Reproductive Anatomy 101: The Uterus

I thought it was about time that we review some anatomy related to the menstrual cycle, and we’re starting with the uterus.

The uterus and ovaries are pretty cool organs (at least I think so). The uterus is a muscular organ that’s in the lower abdomen in between the urinary bladder and rectum. It has 3 layers: the outermost layer is the perimetrium, the middle layer is the myometrium, and the innermost layer — the layer that is shed during menstruation — is the endometrium (also called the endometrial lining).

The uterus can be positioned a bit differently for different people; for e.g., it may be tilted forward (anteverted) or backward (retroverted) from the base where it meets the cervix and it can also be tilted forward (anteflexed) or backward (retroflexed) at the top. Depending on the development of your uterus, you could even have a partial or full divide in the uterus.

Clipart of the uterus with ovaries

At the base of the uterus is the cervix which is a cylinder with an opening on each end, the bottom connects with the vagina. It is the part of the uterus that dilates during labour in order to allow the fetus to pass through to the vaginal canal for delivery. The uterus is connected to the ovaries via the fallopian tubes.

It’s the cervix that produces the mucus (whitish or clear discharge) especially in the middle of the cycle under the influence of your hormones (namely estrogen). The cervix has tons of glands responsible for producing mucus that contains proteins, electrolytes, sugars, fatty acids, and enzymes. When estrogen is high, more mucus is produced that is thinner in consistency and has a higher pH to facilitate sperm travel and life. After ovulation when progesterone goes up, the mucus becomes thick and more acidic to act as a barrier to pathogens in case pregnancy has occurred.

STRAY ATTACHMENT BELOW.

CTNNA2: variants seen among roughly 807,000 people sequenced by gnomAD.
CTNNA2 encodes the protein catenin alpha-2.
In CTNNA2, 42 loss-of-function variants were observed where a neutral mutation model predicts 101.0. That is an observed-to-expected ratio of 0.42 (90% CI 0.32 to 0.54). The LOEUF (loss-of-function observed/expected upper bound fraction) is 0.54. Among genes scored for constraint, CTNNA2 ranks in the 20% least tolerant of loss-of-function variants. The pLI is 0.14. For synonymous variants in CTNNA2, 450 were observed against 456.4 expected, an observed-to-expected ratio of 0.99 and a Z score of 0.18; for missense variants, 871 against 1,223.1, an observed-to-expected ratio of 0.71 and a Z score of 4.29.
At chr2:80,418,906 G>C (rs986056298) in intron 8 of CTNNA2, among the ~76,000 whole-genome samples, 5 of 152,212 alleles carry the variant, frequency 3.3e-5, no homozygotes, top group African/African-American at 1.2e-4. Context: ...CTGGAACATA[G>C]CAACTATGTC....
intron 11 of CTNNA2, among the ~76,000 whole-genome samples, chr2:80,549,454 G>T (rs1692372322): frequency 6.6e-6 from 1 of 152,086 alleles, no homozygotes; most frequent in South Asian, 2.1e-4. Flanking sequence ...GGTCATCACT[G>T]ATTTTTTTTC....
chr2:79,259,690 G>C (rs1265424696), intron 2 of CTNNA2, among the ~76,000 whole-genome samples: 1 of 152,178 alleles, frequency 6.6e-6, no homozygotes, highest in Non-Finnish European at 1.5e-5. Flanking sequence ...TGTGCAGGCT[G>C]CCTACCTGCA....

The cervix becomes a bit softer, more open, and is found higher (closer to the body of the uterus) during ovulation time. This can be used a sign of fertility whether you’re trying to conceive or avoid it.

So, that’s a bit about your uterus. I’ll be posting a bit more on anatomy and physiology in our bodies so we that we can all have a better understanding about how our bodies actually work. Stay tuned!